TEXT:    LUKE 22:7-33



THE LORD’S SUPPER: This term has two different but related meanings. First, it refers to the meal Jesus shared with His disciples a few hours before His arrest, trial, and death. Second, this term refers to the ceremony in which Christians eat bread and drink wine in memory of that event. The name “Lord’s Supper” comes from 1ST Corinthians 11:20. Other names for the ceremony include “the breaking of bread” (Acts 2:42, NRSV), “Holy Communion” (based on 1st Corinthians 10:16, KJV). The two senses of the term are related to one another because the Communion ceremony looks back to the Last Supper. At that final meal, which was connected to the Passover feast, Jesus gave His disciples bread to eat and wine to drink.

He compared the bread to His body and the wine to His blood, both of which He was about to offer in a sacrifice for sinners. He also asked them to repeat the ceremony in later times, remembering Him as they did so. For Christians today, the Lord’s Supper continues to perform a valuable service in helping us again and again to think about what is at the very center of our faith: the crucifixion and Resurrection of Christ. And in the process it connects us with the ancient Hebrew roots of our faith (the Exodus) and causes us to look toward the future (the second coming of Christ). We could not do without the Lord’s Supper and what it represents.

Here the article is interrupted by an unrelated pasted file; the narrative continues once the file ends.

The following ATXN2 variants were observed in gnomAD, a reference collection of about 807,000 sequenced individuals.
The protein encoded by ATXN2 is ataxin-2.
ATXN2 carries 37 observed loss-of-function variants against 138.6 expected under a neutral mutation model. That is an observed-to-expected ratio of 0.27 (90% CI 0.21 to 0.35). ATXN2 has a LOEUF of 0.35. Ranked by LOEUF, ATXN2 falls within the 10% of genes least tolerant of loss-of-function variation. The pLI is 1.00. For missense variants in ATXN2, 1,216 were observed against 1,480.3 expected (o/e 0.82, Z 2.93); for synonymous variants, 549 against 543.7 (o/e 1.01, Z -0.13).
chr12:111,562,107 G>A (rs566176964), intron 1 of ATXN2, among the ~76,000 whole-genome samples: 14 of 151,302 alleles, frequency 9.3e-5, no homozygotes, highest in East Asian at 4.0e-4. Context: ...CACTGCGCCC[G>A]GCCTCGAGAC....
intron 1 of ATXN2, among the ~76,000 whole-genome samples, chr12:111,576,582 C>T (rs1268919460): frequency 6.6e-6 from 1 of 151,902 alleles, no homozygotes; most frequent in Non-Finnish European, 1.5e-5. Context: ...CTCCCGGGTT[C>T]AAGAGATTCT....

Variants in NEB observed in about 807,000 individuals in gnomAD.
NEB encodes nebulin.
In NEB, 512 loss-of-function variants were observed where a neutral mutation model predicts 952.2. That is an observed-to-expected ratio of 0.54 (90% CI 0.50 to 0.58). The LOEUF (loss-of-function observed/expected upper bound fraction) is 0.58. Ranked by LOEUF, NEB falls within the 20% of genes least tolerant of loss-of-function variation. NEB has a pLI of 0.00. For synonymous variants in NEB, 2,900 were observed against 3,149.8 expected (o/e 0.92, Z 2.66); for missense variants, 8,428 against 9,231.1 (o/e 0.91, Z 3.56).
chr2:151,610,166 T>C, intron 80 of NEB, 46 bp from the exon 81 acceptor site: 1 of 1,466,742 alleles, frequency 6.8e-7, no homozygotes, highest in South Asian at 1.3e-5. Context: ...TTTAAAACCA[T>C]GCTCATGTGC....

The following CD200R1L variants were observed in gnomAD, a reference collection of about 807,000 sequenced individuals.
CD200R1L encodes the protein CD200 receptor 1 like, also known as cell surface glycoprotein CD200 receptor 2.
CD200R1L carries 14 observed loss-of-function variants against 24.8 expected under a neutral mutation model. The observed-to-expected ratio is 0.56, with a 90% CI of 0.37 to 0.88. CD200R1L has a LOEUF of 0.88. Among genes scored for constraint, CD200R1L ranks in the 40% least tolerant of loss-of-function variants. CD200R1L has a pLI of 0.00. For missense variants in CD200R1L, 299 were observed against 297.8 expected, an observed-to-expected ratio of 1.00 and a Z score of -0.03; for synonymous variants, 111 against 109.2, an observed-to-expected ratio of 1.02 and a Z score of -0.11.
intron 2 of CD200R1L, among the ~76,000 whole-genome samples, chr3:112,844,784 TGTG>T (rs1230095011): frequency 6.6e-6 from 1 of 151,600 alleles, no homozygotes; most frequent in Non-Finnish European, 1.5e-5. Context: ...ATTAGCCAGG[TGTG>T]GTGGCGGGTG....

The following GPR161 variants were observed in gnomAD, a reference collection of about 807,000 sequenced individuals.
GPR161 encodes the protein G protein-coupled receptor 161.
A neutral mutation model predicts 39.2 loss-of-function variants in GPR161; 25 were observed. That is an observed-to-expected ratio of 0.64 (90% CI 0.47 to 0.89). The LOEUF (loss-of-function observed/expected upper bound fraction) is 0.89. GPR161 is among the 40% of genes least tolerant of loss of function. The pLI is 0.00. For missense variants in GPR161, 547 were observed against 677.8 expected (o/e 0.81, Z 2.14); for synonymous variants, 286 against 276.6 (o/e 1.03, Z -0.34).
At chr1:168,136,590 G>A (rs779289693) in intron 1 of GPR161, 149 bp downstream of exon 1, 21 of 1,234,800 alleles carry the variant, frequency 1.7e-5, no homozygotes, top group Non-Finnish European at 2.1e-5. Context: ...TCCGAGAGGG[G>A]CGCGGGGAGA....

To understand the full significance of the Lord’s Supper, we must carefully examine what Jesus said and did in that final meal with His disciples. And as we do so, one of the things we notice is that the Old Testament provides a rich source of meaning for the event.